As I hear him, he's only worried about local encryption. Something that would allow another account on the same PC with administrator credentials to browse over to his evernote folder and read the contents without having to know his Evernote credentials.

That doesn't have to hinder any Evernote functionality, and change any Evernote server functionality.

Assume that you mearly wrap every Evernote client Write and Read command in an Encrypt/Decrypt event.

The client does everything it currently does. Instead of opening the database, and accessessing a record, it's adding one more step.

Indexing isn't affected, it just has more work to do while doing it. Just like when the Client syncs to evernotes servers using SSL. It still does it's thing, it's just adding SSL encryption decryption on top of it. The SSL encryption is only there during the transport.

The Evernote servers don't do anything different. Maybe they have their own encryption on the datastore, I don't know. The point is though that the client is syncing unencrypted data to the back end servers. Just like evernote running on an iPhone is automatically hardware encrypting the data. The whole phone is hardware encrypted for every read/write. But data synced to the cloud has already been decrypted as part of the regular file access API's.

It sounds like you're thinking he means something like the LastPass model where data is encrypted locally and sent as is to the cloud servers, and they can't read any of it, it's your client that does all the encrypt/decrypt stuff locally. And yes, that wouldn't work at all for what Evernote currently does.

While I don't think it would be a lot of effort for Evernote, and could certainly garner them some marketing cred (especially for Evernote Business).

But as said, it's an easy self serve fix with TrueCrypt, BitLocker etc (right click the folder in Windows and choose "encrypt" - windows version dependent).

He's going to need to do the same thing anyway if he's going to use Google Drive, DropBox etc. The cloud side might be encrypted but the local PC side isn't unless you add it (they're just sycing local folders). Sure he mentions Google Docs rather than Google drive, but something to consider is that then your data is ONLY in the cloud. There's no local copy for offline use, or including in your backup regime.

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I have just started using Evernote and I have been trying to encrypt a note, but can't seem to do it.

I have watched the short video which says right click on a word or words that you want to encrypt, but I don't have the same list when i right click as the one in the video.

I am wondering, is it only the paid for version that allows encryption?

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I have just started using Evernote and I have been trying to encrypt a note, but can't seem to do it.

I have watched the short video which says right click on a word or words that you want to encrypt, but I don't have the same list when i right click as the one in the video.

I am wondering, is it only the paid for version that allows encryption?

What client are you using?

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My set up is windows 7 (soon to upgrade to 8) with Evernote on my Android HTC phone.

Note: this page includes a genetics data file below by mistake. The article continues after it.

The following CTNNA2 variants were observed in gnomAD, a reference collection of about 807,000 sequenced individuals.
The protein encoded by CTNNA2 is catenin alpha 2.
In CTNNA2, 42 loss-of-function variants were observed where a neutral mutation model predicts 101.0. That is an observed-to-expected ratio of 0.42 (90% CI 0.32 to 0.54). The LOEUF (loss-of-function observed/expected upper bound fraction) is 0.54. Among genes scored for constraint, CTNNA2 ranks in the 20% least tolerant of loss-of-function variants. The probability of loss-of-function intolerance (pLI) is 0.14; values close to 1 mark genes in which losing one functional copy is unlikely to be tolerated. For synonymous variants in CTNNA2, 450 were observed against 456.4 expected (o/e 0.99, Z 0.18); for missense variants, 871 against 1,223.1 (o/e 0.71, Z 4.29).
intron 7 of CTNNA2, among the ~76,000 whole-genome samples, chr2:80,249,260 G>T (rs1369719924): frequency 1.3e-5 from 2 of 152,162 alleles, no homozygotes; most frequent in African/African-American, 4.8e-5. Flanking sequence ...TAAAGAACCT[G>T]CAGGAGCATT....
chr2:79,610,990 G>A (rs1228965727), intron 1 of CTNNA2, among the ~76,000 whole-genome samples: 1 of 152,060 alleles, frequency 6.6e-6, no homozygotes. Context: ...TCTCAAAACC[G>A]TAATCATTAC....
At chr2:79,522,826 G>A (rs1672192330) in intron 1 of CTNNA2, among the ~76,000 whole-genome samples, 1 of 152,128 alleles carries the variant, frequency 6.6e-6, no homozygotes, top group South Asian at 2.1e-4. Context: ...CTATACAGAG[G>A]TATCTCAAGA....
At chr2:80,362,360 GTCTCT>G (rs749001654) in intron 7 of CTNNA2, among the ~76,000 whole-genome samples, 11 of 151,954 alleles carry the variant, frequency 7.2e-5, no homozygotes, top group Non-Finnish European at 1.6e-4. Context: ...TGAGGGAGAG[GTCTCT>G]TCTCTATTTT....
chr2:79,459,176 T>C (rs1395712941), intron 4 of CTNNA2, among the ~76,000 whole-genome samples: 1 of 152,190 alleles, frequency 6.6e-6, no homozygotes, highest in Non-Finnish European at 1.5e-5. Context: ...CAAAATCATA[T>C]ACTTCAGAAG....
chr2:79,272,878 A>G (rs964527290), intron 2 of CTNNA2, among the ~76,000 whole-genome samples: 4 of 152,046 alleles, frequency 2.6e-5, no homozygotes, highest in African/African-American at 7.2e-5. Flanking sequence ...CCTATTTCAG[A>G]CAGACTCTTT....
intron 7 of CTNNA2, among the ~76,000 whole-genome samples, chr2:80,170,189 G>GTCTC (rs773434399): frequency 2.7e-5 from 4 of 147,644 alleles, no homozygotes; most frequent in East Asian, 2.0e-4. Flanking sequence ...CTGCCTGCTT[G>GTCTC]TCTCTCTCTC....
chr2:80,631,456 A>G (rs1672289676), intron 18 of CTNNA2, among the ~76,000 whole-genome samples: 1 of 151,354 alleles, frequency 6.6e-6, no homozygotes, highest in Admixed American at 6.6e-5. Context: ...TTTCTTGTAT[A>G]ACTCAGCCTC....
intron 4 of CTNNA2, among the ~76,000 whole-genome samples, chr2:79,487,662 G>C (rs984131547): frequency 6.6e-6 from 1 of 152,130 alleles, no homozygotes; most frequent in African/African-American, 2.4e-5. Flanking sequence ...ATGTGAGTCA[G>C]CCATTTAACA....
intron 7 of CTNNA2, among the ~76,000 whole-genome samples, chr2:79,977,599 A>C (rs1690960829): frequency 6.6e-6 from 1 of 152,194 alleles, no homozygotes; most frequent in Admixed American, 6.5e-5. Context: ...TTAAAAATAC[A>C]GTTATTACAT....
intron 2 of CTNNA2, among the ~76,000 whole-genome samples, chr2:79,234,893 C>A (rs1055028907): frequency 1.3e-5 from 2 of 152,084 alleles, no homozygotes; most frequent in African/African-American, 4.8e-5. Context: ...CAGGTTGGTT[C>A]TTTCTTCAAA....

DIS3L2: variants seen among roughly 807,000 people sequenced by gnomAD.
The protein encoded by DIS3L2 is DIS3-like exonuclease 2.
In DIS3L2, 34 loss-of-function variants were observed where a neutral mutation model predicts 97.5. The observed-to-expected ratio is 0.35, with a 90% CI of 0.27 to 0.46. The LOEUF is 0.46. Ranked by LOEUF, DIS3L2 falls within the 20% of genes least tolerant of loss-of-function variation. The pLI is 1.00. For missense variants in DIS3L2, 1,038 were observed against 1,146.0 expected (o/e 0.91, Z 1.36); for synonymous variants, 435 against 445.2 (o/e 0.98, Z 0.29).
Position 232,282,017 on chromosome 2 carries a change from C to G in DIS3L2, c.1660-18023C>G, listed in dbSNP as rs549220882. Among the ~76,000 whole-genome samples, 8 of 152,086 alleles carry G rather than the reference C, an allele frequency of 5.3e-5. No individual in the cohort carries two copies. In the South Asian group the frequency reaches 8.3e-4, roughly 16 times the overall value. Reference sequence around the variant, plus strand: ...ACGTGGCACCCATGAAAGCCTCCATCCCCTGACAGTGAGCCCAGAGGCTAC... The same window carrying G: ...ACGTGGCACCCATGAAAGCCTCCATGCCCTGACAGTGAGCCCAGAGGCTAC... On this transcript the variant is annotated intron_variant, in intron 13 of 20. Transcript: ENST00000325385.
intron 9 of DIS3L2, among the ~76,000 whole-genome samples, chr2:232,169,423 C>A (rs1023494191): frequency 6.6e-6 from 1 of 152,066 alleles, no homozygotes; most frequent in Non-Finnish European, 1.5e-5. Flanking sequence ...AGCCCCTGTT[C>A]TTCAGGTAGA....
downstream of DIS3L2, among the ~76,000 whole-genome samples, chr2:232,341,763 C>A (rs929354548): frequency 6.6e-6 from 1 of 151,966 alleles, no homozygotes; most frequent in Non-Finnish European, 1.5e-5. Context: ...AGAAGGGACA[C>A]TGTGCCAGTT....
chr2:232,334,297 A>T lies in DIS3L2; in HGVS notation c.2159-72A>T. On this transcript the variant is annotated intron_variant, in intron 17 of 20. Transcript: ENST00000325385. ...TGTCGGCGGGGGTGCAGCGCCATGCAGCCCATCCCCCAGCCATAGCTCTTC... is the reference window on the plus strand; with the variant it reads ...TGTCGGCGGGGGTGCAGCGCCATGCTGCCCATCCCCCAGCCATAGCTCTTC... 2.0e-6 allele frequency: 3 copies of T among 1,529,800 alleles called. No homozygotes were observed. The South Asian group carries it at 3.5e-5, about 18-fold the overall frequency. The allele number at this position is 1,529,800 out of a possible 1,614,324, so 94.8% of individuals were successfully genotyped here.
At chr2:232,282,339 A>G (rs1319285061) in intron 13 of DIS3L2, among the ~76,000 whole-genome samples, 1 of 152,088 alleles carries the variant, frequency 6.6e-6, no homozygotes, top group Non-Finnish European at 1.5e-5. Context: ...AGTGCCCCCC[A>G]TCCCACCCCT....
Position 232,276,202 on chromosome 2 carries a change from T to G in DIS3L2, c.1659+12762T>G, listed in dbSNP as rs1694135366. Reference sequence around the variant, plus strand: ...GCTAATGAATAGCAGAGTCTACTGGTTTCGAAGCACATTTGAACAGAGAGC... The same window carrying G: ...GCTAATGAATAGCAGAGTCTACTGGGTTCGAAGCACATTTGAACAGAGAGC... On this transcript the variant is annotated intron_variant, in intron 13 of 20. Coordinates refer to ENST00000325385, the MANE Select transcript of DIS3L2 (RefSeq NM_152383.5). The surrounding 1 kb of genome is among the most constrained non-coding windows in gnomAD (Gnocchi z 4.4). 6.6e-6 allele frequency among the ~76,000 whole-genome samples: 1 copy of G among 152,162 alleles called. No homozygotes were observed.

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My set up is windows 7 (soon to upgrade to 8) with Evernote on my Android HTC phone.

What client are you using to encrypt? You can encrypt text only, from the Windows client. AFAIK, you cannot encrypt from any of the mobile devices.

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Thank you for the replies.

I don't seem to be able to encrypt text, from the Windows client. When I right click on text, I don't get the option to encrypt, thats why I was wondering if it's only available on the paid version.

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I don't seem to be able to encrypt text, from the Windows client. When I right click on text, I don't get the option to encrypt, thats why I was wondering if it's only available on the paid version.

When you select the text inside the note and right click, you should have a popup window that looks like this:

http://www.evernote....c8a014e6e29618f

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Thank you, I got it now. i was using evernote from my browser.

You're welcome.

One more tip - don't forget the encryption code you use. If you forget it, Evernote cannot help.

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I will remember.

Can I ask, how well do you trust the encryption. Would you for example, save bank details in Evernote.

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I will remember.

Can I ask, how well do you trust the encryption. Would you for example, save bank details in Evernote.

If you search the forums, you'll find a lot of discussions about this. It depends a lot on your own tolerance vs need for convenience. In my case, I keep all of my attachments (with a small handful of exceptions) in Dropbox for easy access, and use Evernote for my "notable" things. This keeps my database small, and usable on my Macbook Air. If we had offline / online notebooks on the desktop, then I would put my bank stuff into Evernote, but only after preparing the PDFs with 256-bit encryption first.